- GDP (PPP):
- $30.3 billion
- 0.8% growth
- 0.9% 5-year compound annual growth
- $6,799 per capita
- Inflation (CPI):
- FDI Inflow:
The Republic of the Congo’s economic freedom score is 41.8, making its economy the 176th freest in the 2020 Index. Its overall score has increased by 2.1 points, with a modest gain in property rights and better control of government spending. Congo is ranked 46th among 47 countries in the Sub-Saharan Africa region, and its overall score is far below the regional and world averages.
Congo’s economy has been in the lower half of the economically repressed category for 22 of the past 24 years. Matching that performance, GDP growth has been very weak for the past five years.
Scores for nine of Congo’s 12 Index indicators are below 50; its score for fiscal health is the fifth lowest in the world. The government is under pressure from the IMF to pursue economic and financial reforms aimed at restoring macroeconomic stability and debt sustainability and improving governance to achieve greater efficiency and transparency in the management of public resources.
The Republic of the Congo became independent from France in 1960. Denis Sassou-Nguesso seized power in 1979 and ruled until 1992, when he allowed a multiparty election to be conducted and was defeated. He seized power again following a 1997 civil war and then won flawed elections in 2002, 2009, and 2016. A referendum approved in 2015 modified the constitutional limits to permit Sassou-Nguesso to run again. Congo is one of sub-Saharan Africa’s largest oil producers, but it lacks the infrastructure needed to exploit its natural gas reserves and hydropower potential. China plans to build a special economic zone in the port city of Pointe-Noire, and Congo shipped its first iron ore exports early in 2019.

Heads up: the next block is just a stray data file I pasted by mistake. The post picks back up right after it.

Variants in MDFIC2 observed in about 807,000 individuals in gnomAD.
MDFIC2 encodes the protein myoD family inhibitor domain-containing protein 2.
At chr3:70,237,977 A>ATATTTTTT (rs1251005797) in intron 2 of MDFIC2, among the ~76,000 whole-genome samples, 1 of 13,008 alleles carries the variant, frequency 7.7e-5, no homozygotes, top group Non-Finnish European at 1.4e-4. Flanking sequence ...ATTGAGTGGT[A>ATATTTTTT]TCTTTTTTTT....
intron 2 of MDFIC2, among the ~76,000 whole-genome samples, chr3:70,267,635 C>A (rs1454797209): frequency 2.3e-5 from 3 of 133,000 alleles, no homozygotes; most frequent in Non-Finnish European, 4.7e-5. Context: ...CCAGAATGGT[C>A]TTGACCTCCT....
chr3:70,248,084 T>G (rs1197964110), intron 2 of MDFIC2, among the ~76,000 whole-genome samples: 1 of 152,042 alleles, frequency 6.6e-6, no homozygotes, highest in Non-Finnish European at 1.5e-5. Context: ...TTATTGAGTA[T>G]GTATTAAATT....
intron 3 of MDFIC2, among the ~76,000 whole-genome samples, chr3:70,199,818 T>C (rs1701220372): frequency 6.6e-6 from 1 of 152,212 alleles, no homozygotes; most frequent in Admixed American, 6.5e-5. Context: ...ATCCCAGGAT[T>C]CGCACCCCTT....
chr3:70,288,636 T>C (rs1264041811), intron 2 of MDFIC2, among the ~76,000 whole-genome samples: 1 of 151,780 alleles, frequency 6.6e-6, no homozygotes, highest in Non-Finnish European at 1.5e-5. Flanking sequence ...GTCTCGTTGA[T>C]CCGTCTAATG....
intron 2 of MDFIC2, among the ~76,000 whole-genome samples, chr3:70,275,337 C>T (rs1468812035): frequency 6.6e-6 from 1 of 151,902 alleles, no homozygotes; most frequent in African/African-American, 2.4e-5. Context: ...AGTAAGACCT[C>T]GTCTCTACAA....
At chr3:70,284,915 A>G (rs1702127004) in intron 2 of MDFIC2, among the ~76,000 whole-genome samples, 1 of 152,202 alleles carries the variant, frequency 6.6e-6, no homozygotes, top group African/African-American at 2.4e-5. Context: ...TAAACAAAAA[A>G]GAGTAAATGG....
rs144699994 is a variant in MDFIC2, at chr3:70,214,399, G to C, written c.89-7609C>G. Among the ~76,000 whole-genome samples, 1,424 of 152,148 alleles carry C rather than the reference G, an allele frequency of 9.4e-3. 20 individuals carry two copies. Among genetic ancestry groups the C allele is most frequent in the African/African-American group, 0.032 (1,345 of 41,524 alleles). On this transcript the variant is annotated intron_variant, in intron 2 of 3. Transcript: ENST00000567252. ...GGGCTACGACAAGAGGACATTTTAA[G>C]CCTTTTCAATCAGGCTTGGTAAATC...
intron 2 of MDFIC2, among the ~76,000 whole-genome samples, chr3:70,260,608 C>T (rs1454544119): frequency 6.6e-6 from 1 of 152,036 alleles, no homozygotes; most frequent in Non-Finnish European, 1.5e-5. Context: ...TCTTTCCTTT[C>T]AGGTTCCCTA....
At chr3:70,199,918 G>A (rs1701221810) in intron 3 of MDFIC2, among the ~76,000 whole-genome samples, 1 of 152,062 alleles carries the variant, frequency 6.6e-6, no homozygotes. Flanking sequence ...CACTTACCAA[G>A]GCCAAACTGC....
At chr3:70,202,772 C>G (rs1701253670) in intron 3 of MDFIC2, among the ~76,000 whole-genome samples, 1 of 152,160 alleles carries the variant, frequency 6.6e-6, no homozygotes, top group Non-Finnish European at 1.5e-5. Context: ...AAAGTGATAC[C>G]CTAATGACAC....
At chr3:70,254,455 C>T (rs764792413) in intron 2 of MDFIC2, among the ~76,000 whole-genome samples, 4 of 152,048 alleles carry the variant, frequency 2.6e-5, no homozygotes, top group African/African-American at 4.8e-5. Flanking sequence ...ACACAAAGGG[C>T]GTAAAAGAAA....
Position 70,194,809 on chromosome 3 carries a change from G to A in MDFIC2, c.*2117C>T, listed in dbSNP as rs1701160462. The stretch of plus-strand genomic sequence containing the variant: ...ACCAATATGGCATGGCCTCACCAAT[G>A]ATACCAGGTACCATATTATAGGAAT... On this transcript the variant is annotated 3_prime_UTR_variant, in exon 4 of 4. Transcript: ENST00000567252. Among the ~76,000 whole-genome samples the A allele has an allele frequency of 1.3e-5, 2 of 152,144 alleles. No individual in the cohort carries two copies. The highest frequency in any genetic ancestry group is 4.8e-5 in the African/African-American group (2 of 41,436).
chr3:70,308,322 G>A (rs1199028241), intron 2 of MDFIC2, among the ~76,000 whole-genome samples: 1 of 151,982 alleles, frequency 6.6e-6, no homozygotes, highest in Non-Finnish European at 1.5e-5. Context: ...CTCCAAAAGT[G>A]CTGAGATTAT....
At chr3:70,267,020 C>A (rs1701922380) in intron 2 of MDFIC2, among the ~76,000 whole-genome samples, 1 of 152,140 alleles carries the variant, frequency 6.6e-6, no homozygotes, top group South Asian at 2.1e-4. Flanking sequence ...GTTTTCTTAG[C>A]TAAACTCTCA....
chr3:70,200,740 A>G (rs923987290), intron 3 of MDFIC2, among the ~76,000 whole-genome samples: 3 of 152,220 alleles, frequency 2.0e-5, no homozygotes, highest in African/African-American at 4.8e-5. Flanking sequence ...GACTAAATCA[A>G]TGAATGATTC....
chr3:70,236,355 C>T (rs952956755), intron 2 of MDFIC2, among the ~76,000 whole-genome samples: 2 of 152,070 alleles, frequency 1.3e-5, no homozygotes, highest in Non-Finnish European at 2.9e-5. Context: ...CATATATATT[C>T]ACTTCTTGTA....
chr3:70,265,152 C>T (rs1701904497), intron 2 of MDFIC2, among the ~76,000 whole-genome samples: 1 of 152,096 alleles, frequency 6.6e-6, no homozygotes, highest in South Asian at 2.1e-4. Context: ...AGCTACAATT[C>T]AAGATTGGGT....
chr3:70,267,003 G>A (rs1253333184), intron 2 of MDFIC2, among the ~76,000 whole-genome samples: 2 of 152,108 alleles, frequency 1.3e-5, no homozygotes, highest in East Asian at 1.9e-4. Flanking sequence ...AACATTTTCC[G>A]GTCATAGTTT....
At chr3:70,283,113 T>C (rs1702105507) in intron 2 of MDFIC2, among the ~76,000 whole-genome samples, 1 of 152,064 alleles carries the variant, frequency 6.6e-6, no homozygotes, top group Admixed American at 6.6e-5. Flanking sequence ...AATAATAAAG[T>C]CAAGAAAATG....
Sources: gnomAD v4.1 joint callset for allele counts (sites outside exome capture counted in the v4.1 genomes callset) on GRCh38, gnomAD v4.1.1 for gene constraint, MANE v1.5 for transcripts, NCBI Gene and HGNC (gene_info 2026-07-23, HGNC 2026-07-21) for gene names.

Enforcement of property rights is inconsistent. Contract terms are not transparent, and “informal” tax collectors regularly solicit bribes. The judiciary, independent in principle but crippled by institutional weakness and a lack of technical capability, is vulnerable to corruption and political influence. Corruption remains rampant. The president’s family and advisers effectively control the state oil company without any meaningful oversight.
The top individual income tax rate is 45 percent, and the top corporate rate is 34 percent. Other taxes include a value-added tax and a tax on rental values. The overall tax burden equals 22.1 percent of total domestic income. Government spending has amounted to 38.2 percent of the country’s output (GDP) over the past three years, and budget deficits have averaged 7.5 percent of GDP. Public debt is equivalent to 98.5 percent of GDP.
Obstacles include a lack of transparency and government inefficiency in obtaining land titles, paying taxes, and negotiating natural resources contracts. The security situation is tumultuous, and infrastructure and Internet access are limited. The unemployment rate is very high. A modern labor market has yet to develop. Government subsidies have been reduced due to the reorganization of some formerly heavily subsidized and loss-making power and water state-owned enterprises.
The total value of exports and imports of goods and services equals 154.9 percent of GDP. The average applied tariff rate is 11.6 percent. Nontariff barriers further undercut the dynamic benefits of trade. Government openness to foreign investment is below average, and the investment framework is inadequate. The underdeveloped financial system is dominated by banks, and overall financial intermediation is low.